Starting out as a model in the Rover Company's product range, the Land Rover brand developed, first as a marque, then as a separate company, developing a range of four-wheel drive capable vehicles under a succession of owners, including British Leyland, British Aerospace and BMW. In 2000, the company was sold by BMW to the Ford Motor Company, becoming part of their Premier Automotive Group. In June 2008 Ford sold its Jaguar and Land Rover operations to Tata Motors.
Land Rover is one of the longest surviving Four-wheel drive (4WD) brands, coming in close second to Jeep.
Land Rovers were manufactured primarily at the Solihull plant, near Birmingham, England, but production of the "Freelander" (2) was moved to the Jaguar car factory at Halewood near Liverpool, a former Ford car plant. Defender models are assembled under license in several locations worldwide, including Spain (Santana Motors), Iran (Pazhan Morattab), Brazil (Karmann)and Turkey (Otokar). The former BL/Rover Group technical centre at Gaydon in Warwickshire is home to the corporate and R&D H.Q.
On 11 June 2007, Ford Motor Company announced its plan to sell Land Rover, along with Jaguar. Ford retained the services of Goldman Sachs, Morgan Stanley and HSBC to advise it on the details of the deal. The buyer was initially expected to be announced by September 2007, but the sale was delayed and an announcement was not made until March 2008. A UK based private equity firm, Alchemy Partners, Tata Motors and Mahindra and Mahindra (both from India) expressed interest in purchasing Jaguar and Land Rover from the Ford Motor Company.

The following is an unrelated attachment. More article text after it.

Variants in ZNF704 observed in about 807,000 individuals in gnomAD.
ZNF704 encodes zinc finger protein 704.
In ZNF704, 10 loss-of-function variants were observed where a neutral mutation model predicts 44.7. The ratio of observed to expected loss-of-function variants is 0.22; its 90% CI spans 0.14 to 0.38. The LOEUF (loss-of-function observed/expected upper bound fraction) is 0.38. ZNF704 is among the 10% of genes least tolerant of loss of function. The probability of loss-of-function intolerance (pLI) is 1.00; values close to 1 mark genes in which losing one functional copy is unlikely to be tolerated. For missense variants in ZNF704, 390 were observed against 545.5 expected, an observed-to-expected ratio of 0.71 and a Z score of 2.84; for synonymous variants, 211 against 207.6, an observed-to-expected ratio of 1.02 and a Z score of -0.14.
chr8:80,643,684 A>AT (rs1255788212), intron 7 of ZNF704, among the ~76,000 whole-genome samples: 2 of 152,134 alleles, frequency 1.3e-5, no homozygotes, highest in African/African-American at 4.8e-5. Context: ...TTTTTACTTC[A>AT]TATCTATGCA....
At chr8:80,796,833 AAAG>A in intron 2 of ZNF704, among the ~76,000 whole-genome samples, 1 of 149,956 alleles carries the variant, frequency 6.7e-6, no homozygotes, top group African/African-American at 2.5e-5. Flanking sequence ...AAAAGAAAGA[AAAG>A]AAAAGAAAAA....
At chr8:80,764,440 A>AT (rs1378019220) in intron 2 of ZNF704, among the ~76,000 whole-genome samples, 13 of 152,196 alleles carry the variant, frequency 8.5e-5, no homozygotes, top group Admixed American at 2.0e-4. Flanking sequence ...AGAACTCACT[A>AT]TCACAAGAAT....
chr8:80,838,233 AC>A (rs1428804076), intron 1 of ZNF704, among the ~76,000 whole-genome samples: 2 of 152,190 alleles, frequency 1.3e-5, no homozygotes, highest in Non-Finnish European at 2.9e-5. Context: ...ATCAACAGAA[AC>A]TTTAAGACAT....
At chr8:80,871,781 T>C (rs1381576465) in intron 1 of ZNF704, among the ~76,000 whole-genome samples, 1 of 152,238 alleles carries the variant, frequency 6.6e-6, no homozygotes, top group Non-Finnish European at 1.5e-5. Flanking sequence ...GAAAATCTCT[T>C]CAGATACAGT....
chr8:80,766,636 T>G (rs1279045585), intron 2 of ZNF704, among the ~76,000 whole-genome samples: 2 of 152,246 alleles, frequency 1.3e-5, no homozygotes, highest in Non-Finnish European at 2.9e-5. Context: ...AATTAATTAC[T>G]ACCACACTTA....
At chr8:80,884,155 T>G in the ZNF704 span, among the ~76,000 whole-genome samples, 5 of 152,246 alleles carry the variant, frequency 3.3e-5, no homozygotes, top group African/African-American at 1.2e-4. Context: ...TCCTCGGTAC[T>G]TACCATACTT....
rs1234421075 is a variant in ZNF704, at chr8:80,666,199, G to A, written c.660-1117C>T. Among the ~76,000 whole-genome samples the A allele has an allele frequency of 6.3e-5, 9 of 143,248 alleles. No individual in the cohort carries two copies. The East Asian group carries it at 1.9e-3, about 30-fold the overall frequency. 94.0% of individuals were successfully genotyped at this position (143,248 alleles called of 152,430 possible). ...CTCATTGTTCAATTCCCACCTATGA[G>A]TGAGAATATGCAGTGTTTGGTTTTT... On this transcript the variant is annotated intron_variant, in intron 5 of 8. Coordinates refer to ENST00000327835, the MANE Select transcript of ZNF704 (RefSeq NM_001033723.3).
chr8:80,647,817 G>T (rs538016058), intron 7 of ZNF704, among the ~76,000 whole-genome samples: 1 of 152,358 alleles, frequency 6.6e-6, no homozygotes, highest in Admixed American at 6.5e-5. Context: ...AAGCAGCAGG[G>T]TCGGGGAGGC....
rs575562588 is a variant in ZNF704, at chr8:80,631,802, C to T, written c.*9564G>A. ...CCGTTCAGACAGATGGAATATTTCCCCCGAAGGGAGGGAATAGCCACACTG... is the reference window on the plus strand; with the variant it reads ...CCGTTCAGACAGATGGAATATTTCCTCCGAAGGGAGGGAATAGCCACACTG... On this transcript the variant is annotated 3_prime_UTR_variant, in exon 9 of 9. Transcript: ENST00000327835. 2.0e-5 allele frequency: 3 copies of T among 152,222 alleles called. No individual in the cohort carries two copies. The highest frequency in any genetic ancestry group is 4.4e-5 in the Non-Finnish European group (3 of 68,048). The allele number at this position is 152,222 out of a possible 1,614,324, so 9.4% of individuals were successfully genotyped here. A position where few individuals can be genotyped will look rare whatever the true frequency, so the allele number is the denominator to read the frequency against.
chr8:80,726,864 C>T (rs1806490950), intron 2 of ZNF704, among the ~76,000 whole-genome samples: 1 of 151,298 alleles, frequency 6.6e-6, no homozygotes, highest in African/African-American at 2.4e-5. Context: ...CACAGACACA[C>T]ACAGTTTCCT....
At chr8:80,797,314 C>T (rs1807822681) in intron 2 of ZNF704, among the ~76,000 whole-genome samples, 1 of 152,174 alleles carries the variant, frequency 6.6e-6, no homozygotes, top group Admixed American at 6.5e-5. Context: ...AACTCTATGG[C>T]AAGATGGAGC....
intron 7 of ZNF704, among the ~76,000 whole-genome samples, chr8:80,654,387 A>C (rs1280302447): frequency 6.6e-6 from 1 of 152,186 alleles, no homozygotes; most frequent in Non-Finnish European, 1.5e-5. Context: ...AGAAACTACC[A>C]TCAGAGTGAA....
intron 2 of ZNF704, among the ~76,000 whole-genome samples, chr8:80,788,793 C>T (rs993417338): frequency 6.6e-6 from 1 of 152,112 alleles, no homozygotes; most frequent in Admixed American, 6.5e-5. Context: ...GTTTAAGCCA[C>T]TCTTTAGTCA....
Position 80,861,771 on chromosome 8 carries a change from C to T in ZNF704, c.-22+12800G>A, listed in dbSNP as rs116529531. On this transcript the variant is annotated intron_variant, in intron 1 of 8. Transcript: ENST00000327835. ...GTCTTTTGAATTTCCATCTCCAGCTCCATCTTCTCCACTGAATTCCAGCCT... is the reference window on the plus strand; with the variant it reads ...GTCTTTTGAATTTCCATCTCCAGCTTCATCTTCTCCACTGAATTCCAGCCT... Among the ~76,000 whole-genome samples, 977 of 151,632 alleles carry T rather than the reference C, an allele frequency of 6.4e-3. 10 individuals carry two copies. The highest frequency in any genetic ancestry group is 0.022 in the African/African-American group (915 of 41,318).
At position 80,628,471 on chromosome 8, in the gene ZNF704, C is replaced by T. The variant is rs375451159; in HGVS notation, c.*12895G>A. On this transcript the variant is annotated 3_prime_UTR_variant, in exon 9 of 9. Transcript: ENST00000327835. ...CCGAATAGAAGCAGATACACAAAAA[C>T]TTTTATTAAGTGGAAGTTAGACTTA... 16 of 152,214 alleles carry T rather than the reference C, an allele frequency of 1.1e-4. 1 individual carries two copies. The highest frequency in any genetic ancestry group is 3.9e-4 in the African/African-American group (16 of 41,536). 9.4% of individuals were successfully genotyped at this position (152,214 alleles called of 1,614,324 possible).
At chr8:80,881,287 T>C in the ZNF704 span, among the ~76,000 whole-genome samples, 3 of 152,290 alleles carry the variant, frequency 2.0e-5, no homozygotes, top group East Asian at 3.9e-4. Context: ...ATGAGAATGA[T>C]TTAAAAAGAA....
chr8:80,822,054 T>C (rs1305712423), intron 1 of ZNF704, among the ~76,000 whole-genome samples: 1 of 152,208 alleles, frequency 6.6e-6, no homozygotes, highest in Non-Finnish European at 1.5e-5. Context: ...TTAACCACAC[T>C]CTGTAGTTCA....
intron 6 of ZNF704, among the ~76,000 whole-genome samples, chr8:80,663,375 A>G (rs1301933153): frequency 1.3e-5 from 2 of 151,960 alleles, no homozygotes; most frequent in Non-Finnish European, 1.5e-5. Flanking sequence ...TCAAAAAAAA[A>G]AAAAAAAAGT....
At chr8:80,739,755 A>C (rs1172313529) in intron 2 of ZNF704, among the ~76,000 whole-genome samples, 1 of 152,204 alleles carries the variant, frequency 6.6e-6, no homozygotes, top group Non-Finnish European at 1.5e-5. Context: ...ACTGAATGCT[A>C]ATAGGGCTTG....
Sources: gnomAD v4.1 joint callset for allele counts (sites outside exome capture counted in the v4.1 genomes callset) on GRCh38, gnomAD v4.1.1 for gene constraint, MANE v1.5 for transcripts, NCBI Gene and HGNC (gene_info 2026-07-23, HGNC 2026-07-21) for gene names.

Before the sale was announced, Anthony Bamford, chairman of British excavators manufacturer JCB had expressed interest in purchasing Jaguar Cars in August, the year previously; only to back out later when told the sale would also involve Land Rover, which he did not wish to buy. Tata Motors received endorsements from the Transport And General Worker's Union (TGWU)-Amicus combine and Ford as a preferred bidder.